Natural allergy aids for a care-free child
Dr. Cassie Irwin
When your child spends more time scratching, sneezing, and wheezing than playing and adventuring, it can be hard to know how to help them with their allergies. While antihistamines and epinephrine have their place, incorporating diet and lifestyle strategies for allergy management may improve your child’s quality of life so they enjoy a more care-free childhood.
An allergy is the body’s abnormal reaction to an inherently harmless substance, known as an allergen, which is either breathed in, eaten, or touched.
Once the body marks the allergen as a dangerous invader, the body’s immune system kicks into gear upon exposure. Depending on the type of allergen, this immune activity can cause a range of symptoms in the head, respiratory tract, skin, and digestive system. Food allergy, atopic dermatitis (eczema), allergic rhinitis (hay fever), and asthma are diverse presentations of allergic disease, which often go hand in hand.
Inhaled allergens typically cause symptoms like watery eyes, congestion, runny nose, itchy palate, and sneezing, which may be diagnosed as allergic rhinitis. Inhaled allergens can also exacerbate allergic respiratory conditions, such as asthma.
Food allergens can cause digestive symptoms like nausea, vomiting, and diarrhea. However, severe food allergies can also manifest in the skin as urticaria (hives) and atopic dermatitis and are the most common trigger of potentially life-threatening effects like difficulty breathing, swollen throat, or rapid heartbeat, otherwise known as anaphylaxis.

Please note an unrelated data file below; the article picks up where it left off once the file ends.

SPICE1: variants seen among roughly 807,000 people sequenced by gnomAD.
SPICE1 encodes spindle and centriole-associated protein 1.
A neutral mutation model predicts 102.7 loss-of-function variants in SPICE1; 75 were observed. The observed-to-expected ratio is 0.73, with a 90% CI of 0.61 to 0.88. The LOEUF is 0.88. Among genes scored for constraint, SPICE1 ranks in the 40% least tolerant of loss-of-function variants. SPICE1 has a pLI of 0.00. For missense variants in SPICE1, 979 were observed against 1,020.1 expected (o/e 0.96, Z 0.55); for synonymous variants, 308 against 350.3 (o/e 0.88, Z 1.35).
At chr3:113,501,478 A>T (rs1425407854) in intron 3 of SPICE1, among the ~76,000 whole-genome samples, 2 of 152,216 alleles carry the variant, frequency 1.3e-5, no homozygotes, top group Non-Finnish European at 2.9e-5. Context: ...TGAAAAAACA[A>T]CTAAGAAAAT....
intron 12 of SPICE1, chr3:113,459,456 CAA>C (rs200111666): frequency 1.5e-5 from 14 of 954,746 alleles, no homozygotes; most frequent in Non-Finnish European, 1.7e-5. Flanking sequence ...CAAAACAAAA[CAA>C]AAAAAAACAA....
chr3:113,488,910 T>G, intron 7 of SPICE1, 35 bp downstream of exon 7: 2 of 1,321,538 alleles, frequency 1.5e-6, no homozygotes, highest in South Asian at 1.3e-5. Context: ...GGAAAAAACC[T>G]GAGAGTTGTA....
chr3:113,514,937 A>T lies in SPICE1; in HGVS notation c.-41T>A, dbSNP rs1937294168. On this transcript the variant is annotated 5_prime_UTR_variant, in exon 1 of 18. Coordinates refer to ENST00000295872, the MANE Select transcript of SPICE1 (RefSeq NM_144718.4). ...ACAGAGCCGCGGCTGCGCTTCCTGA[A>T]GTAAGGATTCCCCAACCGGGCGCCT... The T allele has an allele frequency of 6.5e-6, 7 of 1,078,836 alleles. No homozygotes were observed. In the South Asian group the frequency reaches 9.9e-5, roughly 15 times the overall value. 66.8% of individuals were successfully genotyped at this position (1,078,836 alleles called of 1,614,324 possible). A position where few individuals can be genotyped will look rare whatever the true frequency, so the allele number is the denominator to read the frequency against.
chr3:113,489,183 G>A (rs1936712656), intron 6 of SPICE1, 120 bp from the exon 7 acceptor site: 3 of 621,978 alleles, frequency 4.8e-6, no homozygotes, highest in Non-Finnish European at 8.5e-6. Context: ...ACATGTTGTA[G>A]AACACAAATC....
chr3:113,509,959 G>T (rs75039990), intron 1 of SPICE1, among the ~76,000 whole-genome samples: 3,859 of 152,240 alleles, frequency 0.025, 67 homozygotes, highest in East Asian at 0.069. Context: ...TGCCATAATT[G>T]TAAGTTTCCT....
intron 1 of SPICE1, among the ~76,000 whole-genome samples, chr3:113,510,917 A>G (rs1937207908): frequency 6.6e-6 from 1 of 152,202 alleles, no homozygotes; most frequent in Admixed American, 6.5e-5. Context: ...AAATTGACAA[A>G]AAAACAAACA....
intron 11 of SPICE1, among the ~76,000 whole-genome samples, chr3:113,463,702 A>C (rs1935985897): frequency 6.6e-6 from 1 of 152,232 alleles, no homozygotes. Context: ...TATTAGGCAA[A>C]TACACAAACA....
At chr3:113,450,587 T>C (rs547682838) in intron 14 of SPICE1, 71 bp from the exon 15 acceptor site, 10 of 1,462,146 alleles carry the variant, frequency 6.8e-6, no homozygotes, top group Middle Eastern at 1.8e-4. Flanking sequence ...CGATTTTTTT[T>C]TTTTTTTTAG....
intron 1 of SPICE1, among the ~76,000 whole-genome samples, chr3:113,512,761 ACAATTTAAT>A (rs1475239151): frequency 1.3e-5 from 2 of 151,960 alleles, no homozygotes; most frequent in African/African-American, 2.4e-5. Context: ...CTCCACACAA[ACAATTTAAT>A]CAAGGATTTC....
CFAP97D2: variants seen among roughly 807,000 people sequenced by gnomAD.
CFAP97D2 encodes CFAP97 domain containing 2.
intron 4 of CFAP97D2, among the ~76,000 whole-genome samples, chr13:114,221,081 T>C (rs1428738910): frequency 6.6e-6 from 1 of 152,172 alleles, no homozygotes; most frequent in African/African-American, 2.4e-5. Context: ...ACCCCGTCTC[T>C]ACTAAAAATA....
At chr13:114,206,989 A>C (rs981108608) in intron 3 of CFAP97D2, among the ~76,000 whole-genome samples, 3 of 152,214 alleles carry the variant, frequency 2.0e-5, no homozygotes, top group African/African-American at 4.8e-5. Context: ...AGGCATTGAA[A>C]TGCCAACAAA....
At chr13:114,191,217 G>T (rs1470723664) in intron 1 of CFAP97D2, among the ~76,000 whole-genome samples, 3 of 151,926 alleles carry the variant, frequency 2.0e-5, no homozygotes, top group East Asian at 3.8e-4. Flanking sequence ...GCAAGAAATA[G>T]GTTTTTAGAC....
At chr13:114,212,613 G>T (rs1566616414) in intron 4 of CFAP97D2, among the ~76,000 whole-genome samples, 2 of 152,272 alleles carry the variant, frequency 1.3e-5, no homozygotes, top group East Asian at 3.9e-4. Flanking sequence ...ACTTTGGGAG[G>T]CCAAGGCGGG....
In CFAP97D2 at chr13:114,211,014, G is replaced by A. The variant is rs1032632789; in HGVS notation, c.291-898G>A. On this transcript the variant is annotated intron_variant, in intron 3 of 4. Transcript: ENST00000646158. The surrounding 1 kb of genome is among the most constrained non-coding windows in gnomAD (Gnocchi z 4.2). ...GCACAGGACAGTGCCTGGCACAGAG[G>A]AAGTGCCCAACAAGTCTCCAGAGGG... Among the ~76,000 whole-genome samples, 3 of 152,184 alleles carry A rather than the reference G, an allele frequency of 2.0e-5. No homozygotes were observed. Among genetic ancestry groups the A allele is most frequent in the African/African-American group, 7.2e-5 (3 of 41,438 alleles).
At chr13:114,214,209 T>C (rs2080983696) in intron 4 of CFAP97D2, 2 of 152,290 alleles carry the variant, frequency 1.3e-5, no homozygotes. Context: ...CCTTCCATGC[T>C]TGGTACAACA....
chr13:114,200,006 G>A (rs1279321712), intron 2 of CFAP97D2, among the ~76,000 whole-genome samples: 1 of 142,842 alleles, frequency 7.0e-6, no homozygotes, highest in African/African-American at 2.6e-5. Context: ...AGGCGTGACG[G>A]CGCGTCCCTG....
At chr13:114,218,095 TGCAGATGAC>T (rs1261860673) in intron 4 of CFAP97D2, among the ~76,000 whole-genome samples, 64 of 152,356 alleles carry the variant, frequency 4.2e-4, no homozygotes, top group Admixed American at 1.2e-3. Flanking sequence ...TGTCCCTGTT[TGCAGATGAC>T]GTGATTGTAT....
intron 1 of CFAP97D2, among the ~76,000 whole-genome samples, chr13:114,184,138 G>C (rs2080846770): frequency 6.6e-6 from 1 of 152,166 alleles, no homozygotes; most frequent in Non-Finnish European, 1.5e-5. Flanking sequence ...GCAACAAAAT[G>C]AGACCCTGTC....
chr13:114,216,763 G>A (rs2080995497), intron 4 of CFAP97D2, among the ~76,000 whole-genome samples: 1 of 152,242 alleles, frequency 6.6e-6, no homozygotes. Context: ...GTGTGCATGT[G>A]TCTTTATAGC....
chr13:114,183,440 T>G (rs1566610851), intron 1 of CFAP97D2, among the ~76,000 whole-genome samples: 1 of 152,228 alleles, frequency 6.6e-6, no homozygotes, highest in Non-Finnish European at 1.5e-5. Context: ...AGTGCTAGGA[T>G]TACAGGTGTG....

Food intolerances pertain to the digestive system, whereas food allergies recruit the immune system. Intolerance usually happens when the digestive system lacks enzymes to break down a food component—for example, the lactose in dairy products—causing symptoms like gas and bloating. Food allergy is an immune response to specific proteins in food, and it can manifest in many ways, including as anaphylaxis.
Deficiency in children is associated with suboptimal asthma control, increased severity of atopic dermatitis, and a higher prevalence of allergic rhinitis. Supplementation with vitamin D in children has been shown to significantly reduce symptoms of allergic rhinitis from grass pollen allergy, and some evidence shows a mild improvement in atopic dermatitis symptoms. You can find vitamin D included in kids’ fish oil supplements–plus, fish oil itself is associated with a decreased risk of food sensitization and food allergy in young children.
Supplementation with probiotics may improve the gut microbiome, which has been studied as a possible factor in the development of allergic disease. Certain strains of probiotics (B. longum, B. infantis, and B. breve) may also significantly improve symptoms and quality of life in children with pollen-induced allergic rhinitis and asthma.